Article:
Alberta manufacturing sales plunge

Manufacturing sales in Alberta plunged in November, according to Statistics Canada.

The federal agency reported Tuesday that sales in the province declined by 3.8 per cent to $6.5 billion “reflecting lower sales of petroleum and coal products.”

“Sales in the province were at their lowest level since January 2014. The decline was largely due to a drop in prices in the petroleum and coal product industry,” it said.

However, sales rose by 1.5 per cent on a year-over-year basis in the province.

Nationally, manufacturing sales declined 1.4 per cent in November to $51.5 billion, reflecting lower sales of motor vehicles, chemicals, primary metals and food. This was the third decrease in four months, said Statistics Canada.

On an annual basis, though, sales rose by 2.6 per cent.

“Considering the further improvement in U.S. manufacturing production and the lower Canadian dollar triggered by the recent collapse in crude oil prices, the drop off in Canada’s manufacturing sales is disconcerting,” said David Madani, economist with Capital Economics.

Josh Nye, economist with RBC Economics, said a second monthly decline in manufacturing sales is disappointing but it follows a fairly strong performance of the sector earlier in 2014.

“Looking ahead, we expect the recent drop in oil prices will provide a boost to Canadian manufacturers in 2015 as the effects of a stronger U.S. economy and weaker Canadian dollar more than offset any decline in petroleum refining,” he said.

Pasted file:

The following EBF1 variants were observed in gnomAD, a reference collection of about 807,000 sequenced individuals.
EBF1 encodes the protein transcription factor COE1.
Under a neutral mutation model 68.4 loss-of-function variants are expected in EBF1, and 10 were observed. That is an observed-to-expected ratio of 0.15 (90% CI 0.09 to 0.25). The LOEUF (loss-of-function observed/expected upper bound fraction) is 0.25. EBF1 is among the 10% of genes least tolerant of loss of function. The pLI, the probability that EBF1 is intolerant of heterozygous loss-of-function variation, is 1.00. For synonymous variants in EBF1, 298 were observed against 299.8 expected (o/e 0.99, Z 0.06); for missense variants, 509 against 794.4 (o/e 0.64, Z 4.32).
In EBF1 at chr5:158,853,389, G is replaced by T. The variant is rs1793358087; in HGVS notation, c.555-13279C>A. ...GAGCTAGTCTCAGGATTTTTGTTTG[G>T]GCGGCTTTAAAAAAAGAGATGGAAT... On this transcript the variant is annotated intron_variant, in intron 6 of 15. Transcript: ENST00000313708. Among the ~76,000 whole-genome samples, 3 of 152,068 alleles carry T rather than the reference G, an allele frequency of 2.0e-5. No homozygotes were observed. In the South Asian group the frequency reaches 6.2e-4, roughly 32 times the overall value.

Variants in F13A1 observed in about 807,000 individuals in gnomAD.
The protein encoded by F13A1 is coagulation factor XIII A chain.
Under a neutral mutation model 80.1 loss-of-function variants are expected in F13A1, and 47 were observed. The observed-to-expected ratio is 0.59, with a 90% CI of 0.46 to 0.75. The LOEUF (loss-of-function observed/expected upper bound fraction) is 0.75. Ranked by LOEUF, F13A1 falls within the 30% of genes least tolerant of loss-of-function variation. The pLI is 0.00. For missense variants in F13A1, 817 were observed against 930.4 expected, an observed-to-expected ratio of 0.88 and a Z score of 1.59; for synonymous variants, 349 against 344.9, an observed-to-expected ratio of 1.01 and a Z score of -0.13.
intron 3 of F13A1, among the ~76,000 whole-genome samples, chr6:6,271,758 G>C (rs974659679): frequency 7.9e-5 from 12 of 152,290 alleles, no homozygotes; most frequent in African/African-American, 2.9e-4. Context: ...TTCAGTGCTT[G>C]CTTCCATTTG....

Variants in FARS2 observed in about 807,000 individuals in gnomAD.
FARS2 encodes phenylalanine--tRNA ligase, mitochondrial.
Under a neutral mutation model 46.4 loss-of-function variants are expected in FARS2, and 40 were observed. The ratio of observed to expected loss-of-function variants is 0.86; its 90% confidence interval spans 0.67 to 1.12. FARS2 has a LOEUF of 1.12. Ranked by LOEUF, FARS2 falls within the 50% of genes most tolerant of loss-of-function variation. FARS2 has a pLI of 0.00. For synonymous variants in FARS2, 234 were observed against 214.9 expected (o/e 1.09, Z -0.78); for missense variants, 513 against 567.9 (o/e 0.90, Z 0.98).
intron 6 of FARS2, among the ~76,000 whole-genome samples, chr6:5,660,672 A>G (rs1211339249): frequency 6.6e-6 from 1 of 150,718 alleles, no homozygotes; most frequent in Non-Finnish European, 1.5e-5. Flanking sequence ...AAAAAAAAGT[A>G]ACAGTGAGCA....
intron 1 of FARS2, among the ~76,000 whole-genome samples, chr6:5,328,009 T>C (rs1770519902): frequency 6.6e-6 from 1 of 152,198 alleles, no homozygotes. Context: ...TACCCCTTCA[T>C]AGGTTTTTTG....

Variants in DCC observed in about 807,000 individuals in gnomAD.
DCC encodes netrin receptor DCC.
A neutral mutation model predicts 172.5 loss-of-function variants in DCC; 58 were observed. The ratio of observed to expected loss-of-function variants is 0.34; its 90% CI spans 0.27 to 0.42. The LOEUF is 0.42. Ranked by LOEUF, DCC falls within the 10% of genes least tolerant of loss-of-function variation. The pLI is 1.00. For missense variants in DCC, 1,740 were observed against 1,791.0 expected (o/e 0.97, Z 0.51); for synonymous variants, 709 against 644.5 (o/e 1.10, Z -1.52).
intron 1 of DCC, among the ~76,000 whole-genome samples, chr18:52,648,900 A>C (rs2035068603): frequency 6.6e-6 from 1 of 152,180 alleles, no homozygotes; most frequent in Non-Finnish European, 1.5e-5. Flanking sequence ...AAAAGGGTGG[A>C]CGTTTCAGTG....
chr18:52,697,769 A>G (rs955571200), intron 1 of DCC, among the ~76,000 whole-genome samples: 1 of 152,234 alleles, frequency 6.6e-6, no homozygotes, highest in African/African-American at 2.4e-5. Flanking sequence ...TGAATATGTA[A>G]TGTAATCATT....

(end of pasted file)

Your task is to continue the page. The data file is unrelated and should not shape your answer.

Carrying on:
Brian DePratto, economist with TD Economics, said fourth quarter GDP growth in 2014 is expected to be around 2.5 per cent, down slightly from the 2.8 per cent in the third quarter.

“However, (Tuesday’s) release, which marked the second straight month of manufacturing sales declines, creates some downside risk to this outlook as weaker domestic sales due to lower commodity prices weigh on manufacturers,” he said.

“In the larger scheme of things, despite slowing towards the end of the year, 2014 has seen a marked increase in manufacturing sales following a somewhat weak 2013. While the decline in commodity prices will weigh on manufacturing sales of certain types of machinery and goods, the low level of the loonie and increasing activity south of the border should provide support for Canadian manufacturers in 2015.”

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